What Is TMJ?
TMJ is short for temporomandibular joint disorder (or dysfunction). It is also sometimes called TMD, or several other names. The temporomandibular joints are on either side of your head, where your jaw meets your skull, and they are responsible for the complex motions of your jaw. In TMJ, these joints do not function properly or are out of harmony with the muscles, teeth, and other bones they must work with.
When your temporomandibular joints are not working properly, the muscles of your jaw put stress on the other muscles they partner with, including muscles in the head and neck, which can create tension. An imbalanced jaw leads to imbalanced forces in your bite, causing excess wear and damage to your teeth. And when you have a misaligned jaw, it can put pressure on nearby nerves, causing pain, numbness, and ringing in your ears.
Because of the impact of your jaw imbalance on other systems, the symptoms of TMJ can be very widespread, and may include:
- Jaw pain
- Clicking, popping, or stiffness in the jaw
- Tinnitus (ringing or other sounds in the ears)
- Tooth pain
- Face pain
- Neck pain or stiffness
Other people may report daytime sleepiness or extreme fatigue that is not related to TMJ. It is instead caused by the potentially related condition obstructive sleep apnea.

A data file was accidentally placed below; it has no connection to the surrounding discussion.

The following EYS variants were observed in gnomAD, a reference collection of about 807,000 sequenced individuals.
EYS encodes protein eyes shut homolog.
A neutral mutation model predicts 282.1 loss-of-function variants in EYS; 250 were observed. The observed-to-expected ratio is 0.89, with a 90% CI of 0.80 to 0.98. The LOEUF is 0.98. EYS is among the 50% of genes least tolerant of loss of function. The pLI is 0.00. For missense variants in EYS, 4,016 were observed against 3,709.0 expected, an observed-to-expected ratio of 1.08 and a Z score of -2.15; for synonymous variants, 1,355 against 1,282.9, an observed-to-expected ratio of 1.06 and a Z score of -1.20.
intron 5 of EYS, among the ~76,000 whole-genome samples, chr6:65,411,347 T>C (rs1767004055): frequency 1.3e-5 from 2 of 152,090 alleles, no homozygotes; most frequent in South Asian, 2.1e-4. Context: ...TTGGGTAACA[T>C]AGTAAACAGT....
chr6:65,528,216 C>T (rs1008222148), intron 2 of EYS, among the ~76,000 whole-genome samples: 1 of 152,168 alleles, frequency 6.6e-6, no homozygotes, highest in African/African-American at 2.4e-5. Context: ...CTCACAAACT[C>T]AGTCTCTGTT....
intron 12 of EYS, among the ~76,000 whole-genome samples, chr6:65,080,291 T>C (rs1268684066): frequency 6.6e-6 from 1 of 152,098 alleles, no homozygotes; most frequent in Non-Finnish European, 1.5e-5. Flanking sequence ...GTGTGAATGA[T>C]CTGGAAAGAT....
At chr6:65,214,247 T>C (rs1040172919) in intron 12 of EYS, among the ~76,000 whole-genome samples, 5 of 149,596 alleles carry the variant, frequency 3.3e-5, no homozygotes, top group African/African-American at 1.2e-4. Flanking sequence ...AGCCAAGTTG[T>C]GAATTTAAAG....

The symptoms of TMJ can make it very hard to diagnose, and explain why many people with TMJ continue to suffer even after seeking many different treatment options.
The good news about TMJ is that it is highly treatable. The first stage in TMJ treatment is to evaluate the current condition of your jaw system. We complete this by listening to your description of symptoms and examining the condition of your teeth and jaw. We may recommend other tests, such as CT scans and MRIs.
Sometimes, we may determine that we can’t be sure about the condition of your jaw until after we have “deprogrammed” your jaw muscles. You can accomplish this by wearing a bite appliance similar to a retainer that helps put your jaws in an optimally relaxed position. Then we can determine whether your jaw can stay in its optimal position or whether you need further treatment.
Before recommending treatment, we will attempt to assess the likely causes of your TMJ. We will then explain to you your options, the odds of success for each option, and your likely long-term outcome with each.
Remember, sometimes the best treatment option is no treatment at all. Other times, we may refer you to a specialist for handling your condition.